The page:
Lucian Freud RIP
Along with Bacon, Freud was one of the greatest painters of our recent times.
The last great figurative artist who was known for his intense and unsettling realist portraits that left as many question marks in the air as well deserved pounds in the bank account, Freud was messing with the mind whilst making great, genius art. His unsettling paintings, particularly of nudes is no more leaving a big void in the art world.
The grandson of Sigmund Freud, which means he knew about messing with minds, he was at least he was appreciated financially. In recent years his paintings had been fetching a fortune, with one called Naked Woman on a Sofa selling for twenty million quid a couple of years ago.
His early paintings were more surreal as he tried to find his personal style, with people, plants and animals in unusual juxtapositions.
From the fifties onwards he found his more famous style and he began to paint portraits, often nudes, to the almost complete exclusion of everything else, employing a thicker impasto. With this technique, he would often clean his brush after each stroke. The colours in these paintings are typically muted.
Like all great artists Freud went against the grain and trusted his own instinct. He insisted on using his realist style even when it was out of favour with critics and collectors. It’s a hard won stubborness that marks out the great from the sheep.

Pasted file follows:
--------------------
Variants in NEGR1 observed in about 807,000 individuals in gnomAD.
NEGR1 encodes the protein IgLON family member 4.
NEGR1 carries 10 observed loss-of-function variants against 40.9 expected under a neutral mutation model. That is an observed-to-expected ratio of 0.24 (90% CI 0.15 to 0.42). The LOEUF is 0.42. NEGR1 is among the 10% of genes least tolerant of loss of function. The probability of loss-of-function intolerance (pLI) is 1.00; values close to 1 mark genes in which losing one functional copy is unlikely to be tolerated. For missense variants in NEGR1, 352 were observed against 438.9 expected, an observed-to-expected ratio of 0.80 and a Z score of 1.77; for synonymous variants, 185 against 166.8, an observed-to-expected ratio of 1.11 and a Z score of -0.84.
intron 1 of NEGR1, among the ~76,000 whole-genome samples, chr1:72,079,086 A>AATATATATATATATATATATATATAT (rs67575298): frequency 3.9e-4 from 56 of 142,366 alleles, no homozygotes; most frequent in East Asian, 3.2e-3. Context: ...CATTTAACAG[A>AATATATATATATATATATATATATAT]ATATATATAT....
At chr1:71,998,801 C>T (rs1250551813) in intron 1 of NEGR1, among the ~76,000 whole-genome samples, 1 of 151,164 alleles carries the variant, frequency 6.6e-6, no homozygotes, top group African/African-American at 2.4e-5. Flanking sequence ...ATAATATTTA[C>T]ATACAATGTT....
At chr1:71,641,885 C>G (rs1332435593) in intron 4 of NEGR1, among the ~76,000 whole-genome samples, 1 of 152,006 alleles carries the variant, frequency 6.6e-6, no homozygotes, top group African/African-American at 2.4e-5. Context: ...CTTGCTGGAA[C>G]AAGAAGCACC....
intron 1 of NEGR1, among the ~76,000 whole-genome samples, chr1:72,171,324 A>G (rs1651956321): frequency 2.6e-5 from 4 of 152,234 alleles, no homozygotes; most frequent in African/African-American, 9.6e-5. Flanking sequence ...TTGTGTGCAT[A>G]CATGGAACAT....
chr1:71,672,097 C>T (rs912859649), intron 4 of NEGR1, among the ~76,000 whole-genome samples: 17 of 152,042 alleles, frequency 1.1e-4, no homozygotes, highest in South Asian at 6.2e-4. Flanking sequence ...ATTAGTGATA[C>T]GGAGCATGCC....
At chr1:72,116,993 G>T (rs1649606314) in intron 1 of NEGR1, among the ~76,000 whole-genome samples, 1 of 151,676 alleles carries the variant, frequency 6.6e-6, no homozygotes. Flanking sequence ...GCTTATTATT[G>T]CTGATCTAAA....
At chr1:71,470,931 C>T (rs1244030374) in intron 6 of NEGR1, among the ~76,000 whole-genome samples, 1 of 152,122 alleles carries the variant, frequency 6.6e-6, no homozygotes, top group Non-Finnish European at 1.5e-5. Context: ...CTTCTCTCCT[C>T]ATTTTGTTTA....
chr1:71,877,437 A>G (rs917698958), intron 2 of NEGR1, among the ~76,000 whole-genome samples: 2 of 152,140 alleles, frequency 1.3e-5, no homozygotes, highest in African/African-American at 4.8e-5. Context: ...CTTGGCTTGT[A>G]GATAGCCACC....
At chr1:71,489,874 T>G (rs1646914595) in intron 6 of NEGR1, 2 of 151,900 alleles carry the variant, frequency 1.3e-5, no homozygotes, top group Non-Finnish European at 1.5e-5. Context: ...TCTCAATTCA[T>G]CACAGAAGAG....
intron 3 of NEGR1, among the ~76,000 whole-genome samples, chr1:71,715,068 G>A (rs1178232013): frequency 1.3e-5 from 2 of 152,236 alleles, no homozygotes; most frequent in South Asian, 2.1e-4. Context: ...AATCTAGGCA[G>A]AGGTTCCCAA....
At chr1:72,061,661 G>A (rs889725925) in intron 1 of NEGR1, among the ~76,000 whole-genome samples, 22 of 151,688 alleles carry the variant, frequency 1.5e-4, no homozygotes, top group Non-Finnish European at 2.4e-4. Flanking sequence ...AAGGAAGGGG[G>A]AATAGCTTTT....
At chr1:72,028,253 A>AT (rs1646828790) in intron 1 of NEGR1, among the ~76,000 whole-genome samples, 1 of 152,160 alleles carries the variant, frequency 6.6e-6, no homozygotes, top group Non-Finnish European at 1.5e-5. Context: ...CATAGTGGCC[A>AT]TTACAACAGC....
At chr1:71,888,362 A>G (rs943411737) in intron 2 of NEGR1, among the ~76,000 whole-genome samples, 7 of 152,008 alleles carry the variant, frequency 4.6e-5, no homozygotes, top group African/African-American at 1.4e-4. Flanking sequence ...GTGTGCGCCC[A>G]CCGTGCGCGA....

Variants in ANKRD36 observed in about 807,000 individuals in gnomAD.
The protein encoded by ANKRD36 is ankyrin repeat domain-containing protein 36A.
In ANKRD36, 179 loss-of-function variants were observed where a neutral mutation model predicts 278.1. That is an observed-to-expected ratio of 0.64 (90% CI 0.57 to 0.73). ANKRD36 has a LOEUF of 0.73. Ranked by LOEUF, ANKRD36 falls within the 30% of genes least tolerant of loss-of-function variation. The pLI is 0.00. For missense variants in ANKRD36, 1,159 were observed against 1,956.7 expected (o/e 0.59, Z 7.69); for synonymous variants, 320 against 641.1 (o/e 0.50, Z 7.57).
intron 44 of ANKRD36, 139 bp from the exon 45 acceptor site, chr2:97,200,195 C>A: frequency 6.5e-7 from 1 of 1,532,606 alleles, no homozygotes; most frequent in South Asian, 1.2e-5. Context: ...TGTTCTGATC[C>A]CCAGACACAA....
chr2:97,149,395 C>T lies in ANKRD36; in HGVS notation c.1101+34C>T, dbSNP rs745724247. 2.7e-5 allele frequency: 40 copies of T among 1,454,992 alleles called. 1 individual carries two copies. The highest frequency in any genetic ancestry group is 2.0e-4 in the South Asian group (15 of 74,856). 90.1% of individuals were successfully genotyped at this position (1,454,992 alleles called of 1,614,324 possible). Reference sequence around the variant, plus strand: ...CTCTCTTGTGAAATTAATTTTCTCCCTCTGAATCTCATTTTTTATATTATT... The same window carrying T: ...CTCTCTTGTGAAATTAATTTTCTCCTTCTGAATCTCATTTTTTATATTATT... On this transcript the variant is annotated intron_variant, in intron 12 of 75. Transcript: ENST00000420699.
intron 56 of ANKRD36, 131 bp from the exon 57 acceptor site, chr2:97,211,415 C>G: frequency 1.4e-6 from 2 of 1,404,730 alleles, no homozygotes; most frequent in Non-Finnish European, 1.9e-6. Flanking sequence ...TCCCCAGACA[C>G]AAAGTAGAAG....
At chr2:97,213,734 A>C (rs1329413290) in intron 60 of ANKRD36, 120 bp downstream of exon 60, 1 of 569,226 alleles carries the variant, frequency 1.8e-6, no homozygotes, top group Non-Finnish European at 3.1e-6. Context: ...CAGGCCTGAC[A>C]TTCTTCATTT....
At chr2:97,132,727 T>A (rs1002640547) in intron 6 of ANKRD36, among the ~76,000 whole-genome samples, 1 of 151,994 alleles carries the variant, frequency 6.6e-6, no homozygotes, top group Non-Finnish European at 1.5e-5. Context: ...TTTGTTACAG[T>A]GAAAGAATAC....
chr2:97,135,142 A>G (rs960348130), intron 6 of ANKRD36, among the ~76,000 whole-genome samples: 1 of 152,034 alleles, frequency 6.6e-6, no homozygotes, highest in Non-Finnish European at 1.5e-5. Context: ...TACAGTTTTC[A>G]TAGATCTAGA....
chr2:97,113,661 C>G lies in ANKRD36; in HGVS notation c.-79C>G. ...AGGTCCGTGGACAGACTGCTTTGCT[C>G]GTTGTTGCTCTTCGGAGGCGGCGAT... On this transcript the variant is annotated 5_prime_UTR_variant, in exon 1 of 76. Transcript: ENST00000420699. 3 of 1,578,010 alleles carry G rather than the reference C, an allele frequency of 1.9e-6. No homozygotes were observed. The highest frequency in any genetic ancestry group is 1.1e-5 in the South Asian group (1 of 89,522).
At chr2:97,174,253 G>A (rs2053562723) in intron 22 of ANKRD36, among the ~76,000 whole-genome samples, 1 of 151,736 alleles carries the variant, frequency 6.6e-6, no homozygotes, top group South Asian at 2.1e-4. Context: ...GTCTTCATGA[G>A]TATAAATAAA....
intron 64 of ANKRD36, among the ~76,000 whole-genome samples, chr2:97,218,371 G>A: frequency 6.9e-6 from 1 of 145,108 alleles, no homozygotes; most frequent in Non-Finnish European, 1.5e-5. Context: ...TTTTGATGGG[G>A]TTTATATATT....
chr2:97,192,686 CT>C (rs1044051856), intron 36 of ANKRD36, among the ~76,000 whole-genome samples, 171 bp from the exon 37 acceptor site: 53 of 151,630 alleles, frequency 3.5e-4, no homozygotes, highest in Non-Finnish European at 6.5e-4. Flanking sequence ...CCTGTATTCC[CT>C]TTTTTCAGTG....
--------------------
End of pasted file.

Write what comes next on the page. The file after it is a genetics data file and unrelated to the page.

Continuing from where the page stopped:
Freud’s most famous subject was arguably the supermodel Kate Moss, who he painted in the nude while she was pregnant. He named the painting Naked Portrait 2002.
He famous painting of the Queen ruffled some stuffy feathers. Done in his unflattering and no bullshit style it made her look ‘glum’ according to some. But then she looks ‘glum’ all the time anyway.
The intensity of his paintings, that twisted real life into fleshy mounds and powerful contours is so distinctive. His paintings commented on the relationship between the artist and the nude. He made real life look ultra real in a way that a photographer could never do. The colours, the energy and the power of Freud’s painting was his trademark. A fleshy realism dashed with a pinky surrealism and the vitality of his nudes and a cheeky smirk.